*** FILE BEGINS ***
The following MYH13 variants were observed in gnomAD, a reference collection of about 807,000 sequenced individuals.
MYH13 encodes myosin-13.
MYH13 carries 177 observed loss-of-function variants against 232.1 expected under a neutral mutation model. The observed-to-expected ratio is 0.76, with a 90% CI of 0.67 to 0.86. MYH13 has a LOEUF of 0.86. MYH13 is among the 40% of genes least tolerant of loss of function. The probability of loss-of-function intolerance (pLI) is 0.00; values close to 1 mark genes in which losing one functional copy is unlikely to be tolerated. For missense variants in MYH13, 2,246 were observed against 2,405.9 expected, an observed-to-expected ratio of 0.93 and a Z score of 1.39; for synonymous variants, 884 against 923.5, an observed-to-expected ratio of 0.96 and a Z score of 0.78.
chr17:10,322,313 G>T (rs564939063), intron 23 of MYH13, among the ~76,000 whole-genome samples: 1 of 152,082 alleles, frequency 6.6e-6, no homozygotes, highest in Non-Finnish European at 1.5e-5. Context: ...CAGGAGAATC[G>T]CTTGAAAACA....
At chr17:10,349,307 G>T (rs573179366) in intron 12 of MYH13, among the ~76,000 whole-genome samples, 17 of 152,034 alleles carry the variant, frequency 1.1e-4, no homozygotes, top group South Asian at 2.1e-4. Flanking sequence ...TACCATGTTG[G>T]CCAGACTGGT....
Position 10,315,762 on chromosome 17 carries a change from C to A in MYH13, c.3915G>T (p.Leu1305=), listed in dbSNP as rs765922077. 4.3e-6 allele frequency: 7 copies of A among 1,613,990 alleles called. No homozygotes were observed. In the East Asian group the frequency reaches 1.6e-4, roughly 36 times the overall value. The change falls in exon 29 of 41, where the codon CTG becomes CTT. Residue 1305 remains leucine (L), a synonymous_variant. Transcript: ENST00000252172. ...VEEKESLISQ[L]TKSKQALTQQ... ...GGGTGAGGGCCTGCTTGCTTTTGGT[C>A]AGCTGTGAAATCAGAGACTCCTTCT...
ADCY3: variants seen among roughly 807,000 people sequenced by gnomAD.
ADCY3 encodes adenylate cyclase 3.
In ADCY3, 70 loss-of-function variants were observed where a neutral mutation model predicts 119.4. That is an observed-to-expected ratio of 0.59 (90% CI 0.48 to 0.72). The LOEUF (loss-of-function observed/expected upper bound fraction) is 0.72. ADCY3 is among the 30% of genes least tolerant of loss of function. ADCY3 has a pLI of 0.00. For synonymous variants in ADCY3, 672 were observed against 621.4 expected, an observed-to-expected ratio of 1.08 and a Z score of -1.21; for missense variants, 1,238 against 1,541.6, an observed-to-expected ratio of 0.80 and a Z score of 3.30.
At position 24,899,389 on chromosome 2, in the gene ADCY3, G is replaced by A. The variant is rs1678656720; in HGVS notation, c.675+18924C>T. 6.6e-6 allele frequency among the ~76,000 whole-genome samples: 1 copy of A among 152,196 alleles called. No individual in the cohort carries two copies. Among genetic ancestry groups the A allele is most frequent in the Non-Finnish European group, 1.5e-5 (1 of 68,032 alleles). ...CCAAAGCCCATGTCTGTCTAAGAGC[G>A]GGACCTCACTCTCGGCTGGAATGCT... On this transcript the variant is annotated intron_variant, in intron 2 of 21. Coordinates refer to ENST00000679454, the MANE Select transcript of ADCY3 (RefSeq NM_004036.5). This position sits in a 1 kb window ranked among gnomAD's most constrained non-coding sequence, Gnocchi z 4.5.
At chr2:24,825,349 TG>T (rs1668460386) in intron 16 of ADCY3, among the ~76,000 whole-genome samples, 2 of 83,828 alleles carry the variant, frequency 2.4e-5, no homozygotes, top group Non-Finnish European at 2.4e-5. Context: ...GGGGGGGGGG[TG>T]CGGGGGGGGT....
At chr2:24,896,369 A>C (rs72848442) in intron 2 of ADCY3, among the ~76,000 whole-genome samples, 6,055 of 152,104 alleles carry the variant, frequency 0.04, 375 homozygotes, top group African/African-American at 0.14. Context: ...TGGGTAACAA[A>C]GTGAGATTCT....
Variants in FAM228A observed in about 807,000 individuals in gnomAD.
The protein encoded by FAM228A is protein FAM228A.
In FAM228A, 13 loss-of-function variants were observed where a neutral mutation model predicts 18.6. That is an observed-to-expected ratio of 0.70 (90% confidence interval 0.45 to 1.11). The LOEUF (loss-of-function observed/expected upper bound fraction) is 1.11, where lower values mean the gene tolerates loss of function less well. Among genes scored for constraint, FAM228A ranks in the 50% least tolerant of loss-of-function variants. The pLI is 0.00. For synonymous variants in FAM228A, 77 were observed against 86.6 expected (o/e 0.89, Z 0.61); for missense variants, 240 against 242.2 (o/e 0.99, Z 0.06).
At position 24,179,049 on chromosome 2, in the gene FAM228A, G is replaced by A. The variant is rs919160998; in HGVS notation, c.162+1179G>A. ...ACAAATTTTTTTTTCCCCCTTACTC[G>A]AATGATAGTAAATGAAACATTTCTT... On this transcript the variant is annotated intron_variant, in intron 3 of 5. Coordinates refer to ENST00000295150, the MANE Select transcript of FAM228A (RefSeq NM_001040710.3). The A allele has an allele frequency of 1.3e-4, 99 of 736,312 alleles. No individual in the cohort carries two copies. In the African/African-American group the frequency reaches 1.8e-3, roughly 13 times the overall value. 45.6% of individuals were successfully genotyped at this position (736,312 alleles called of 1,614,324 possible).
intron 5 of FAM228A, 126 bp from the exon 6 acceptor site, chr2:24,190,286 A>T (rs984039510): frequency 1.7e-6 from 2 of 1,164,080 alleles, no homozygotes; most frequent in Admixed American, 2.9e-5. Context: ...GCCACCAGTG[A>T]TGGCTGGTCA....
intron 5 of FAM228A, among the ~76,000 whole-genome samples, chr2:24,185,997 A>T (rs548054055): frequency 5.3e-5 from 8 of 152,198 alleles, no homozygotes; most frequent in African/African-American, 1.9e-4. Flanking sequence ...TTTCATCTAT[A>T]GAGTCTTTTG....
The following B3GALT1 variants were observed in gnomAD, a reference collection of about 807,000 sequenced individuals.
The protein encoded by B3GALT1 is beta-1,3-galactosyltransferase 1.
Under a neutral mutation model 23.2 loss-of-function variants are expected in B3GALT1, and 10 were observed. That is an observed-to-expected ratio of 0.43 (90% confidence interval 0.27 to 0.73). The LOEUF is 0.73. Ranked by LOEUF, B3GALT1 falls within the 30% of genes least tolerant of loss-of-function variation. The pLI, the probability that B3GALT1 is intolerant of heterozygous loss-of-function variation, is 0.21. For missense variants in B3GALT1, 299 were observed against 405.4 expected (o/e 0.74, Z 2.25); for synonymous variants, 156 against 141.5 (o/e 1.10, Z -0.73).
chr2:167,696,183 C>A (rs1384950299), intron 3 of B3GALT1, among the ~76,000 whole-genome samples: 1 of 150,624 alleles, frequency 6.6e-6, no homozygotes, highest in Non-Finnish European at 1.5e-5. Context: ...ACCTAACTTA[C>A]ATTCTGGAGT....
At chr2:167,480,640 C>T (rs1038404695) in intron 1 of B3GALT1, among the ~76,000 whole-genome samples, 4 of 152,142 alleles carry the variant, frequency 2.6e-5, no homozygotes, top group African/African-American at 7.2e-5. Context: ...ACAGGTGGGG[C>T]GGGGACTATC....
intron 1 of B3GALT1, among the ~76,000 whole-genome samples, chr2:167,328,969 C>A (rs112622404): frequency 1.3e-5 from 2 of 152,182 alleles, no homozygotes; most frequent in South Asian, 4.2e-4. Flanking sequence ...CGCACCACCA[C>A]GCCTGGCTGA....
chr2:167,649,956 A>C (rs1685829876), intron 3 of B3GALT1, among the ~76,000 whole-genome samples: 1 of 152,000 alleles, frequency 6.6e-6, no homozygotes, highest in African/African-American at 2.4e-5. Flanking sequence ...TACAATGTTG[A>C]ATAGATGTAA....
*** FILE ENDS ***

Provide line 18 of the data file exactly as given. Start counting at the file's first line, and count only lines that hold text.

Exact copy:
intron 5 of FAM228A, among the ~76,000 whole-genome samples, chr2:24,185,997 A>T (rs548054055): frequency 5.3e-5 from 8 of 152,198 alleles, no homozygotes; most frequent in African/African-American, 1.9e-4. Flanking sequence ...TTTCATCTAT[A>T]GAGTCTTTTG....